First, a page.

With the advent of the industrial revolution, work became about the machine. Human ants moved around servicing the machine, running the machine, adjusting the machine. The machine was a god.
I am sure Henry Ford smiled with admiration having once asked,
“Why is it when I ask for a pair of hands
do they come with a brain attached?”
What launched us forward and created progress also began the dehumanization of work.
Did they get you to trade
Your heroes for ghosts?
Hot ashes for trees?
Hot air for a cool breeze?
Cold comfort for change?
And did you exchange
A walk-on part in a war
For a lead role in a cage?
Welcome to the Machine – Pink Floyd
When we later moved into offices and cubicles as part of the Corporation Revolution, we organized work around the new machine.
As businesses grew larger, new bureaucratic hierarchies were necessary. A business’ success increasingly depended on central coordination. To address this challenge, businesses created formal administrative structures, such as purchasing and accounting departments. Various levels of managers were established, clear lines of authority were devised, and formal rules were created to govern the company’s operations. The managerial revolution helped to create a “new” middle class. Unlike the older middle class, which consisted of farmers, shopkeepers, and independent professionals, the new middle class was made up of white-collar employees of corporations.
Organizations were born with all of the benefits and challenges. Work was largely reduced to drawing a paycheck. Harnessing the human will and nurturing the human spirit didn’t take a backseat, they were placed in the trunk and told to be quiet – “After all, we are paying you right”?
With work being about a paycheck, many people “checked” out. I wrote in my article “When the Shift Hits the Fan” about the devastating impact this had on things like Employee Engagement and people loving their job, so I won’t reiterate it here.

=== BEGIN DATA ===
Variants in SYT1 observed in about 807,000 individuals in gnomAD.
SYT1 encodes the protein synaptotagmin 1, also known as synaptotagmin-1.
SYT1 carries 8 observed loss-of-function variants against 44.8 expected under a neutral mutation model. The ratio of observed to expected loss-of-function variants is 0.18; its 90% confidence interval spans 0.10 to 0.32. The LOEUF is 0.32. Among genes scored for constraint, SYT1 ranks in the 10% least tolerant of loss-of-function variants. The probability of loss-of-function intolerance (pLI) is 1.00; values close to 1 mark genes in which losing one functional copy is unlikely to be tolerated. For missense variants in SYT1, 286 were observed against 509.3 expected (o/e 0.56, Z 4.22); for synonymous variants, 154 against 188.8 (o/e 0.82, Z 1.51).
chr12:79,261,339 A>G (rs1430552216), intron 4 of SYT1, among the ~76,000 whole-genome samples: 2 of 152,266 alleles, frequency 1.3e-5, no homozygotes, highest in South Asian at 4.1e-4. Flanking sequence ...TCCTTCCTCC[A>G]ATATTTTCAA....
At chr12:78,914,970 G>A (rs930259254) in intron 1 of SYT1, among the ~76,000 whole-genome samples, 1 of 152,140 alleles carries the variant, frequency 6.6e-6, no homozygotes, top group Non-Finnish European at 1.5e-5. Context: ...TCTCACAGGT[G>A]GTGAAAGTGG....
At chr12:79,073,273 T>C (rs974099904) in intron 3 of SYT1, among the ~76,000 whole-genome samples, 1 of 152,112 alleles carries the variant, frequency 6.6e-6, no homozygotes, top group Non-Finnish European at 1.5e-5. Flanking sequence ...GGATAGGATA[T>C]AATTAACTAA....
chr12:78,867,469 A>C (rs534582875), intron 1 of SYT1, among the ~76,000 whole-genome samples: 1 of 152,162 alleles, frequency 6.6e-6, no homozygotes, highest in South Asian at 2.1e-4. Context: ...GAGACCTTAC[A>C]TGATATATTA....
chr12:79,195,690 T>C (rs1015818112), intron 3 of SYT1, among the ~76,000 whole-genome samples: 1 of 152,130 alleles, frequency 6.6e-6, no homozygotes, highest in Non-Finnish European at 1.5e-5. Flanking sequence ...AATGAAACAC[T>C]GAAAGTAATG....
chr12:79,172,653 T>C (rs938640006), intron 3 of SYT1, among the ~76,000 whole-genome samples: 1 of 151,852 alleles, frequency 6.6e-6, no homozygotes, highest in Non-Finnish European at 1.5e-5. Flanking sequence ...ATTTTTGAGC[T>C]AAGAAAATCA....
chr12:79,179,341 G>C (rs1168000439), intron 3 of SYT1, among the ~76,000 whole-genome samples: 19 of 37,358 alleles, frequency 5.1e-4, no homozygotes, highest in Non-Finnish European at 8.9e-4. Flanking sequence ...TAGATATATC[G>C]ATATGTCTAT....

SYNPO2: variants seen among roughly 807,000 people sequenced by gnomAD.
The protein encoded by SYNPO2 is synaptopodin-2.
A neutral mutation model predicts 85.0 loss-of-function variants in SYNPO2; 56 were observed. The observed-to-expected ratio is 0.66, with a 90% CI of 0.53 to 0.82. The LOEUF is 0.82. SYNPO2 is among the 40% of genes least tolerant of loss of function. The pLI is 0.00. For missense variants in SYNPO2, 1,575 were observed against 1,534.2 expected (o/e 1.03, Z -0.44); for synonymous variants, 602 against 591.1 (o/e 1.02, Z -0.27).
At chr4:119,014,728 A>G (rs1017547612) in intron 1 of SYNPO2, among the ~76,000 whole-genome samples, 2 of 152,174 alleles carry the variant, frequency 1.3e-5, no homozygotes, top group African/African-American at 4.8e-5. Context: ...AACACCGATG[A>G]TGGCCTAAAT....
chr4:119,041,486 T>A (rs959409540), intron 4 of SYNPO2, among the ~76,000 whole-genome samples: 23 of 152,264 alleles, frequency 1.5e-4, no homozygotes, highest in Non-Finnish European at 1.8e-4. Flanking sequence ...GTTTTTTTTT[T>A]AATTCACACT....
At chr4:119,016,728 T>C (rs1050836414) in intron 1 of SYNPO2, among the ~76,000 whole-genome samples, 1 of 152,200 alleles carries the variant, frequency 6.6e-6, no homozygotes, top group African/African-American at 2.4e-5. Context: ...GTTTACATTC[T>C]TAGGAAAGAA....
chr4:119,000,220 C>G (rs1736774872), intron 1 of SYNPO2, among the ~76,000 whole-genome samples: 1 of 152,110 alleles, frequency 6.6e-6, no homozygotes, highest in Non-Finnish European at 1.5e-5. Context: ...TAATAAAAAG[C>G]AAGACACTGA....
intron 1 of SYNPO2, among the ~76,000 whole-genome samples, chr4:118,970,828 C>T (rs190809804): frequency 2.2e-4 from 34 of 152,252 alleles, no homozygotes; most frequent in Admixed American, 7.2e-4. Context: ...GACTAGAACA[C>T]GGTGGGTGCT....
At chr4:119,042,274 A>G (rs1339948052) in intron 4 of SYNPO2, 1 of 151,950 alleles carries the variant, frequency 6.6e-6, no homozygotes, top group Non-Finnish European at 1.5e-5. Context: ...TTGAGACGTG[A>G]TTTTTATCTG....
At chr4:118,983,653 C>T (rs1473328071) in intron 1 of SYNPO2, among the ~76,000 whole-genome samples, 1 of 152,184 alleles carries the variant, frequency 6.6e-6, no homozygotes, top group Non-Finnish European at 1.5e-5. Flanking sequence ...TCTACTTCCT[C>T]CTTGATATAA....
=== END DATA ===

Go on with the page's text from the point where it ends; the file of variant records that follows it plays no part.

When one gear or part of a machine breaks or doesn’t function properly, the whole machine comes grinding to a halt or becomes clunky and ineffective. In the Corporate machine, it means if a key person is out sick, or a department is slow to respond, or there is an internal conflict the whole thing begins to drag creating tremendous amounts of friction.
Organizations today are rife with just such friction.
A perfect example of this is the response to the massive abuses at Enron. In response to this blatant lying, cheating, deceiving, and more, we addressed it from a machine perspective rather than an ethics perspective. Sarbanes Oxley was born, which has unleashed massive bureaucracy on an already sluggish system.
organisms respond in the opposite manner. When there is a threat, challenge, breakdown or illness in an organism, the organism responds en masse to address the issue, make repairs, show support, and restore it to health and vitality.
The future of work lies in abandoning the machine with malice and creating human-centric organisms.
In an organization, the people serve the machine.
In an organism, the organism serves the individual parts, which in turn benefit the whole.
In an organization, people are expendable and replaceable.
In an organism, people are vital to the success of the organism as a whole.
In an organization, people are cogs in a wheel and treated accordingly.
In an organism, people are valued, nurtured, challenged, inspired, and expected to be fully involved and engaged.
We created the Global Company Culture Association to put the right people, awesome tools and resources, incredible insights from research and data together to drive an Evolution at Work.
Together we can turn the vast wasteland present in most Organizations into a beautiful garden of wonders, a living breathing Organism.
Won’t you join us?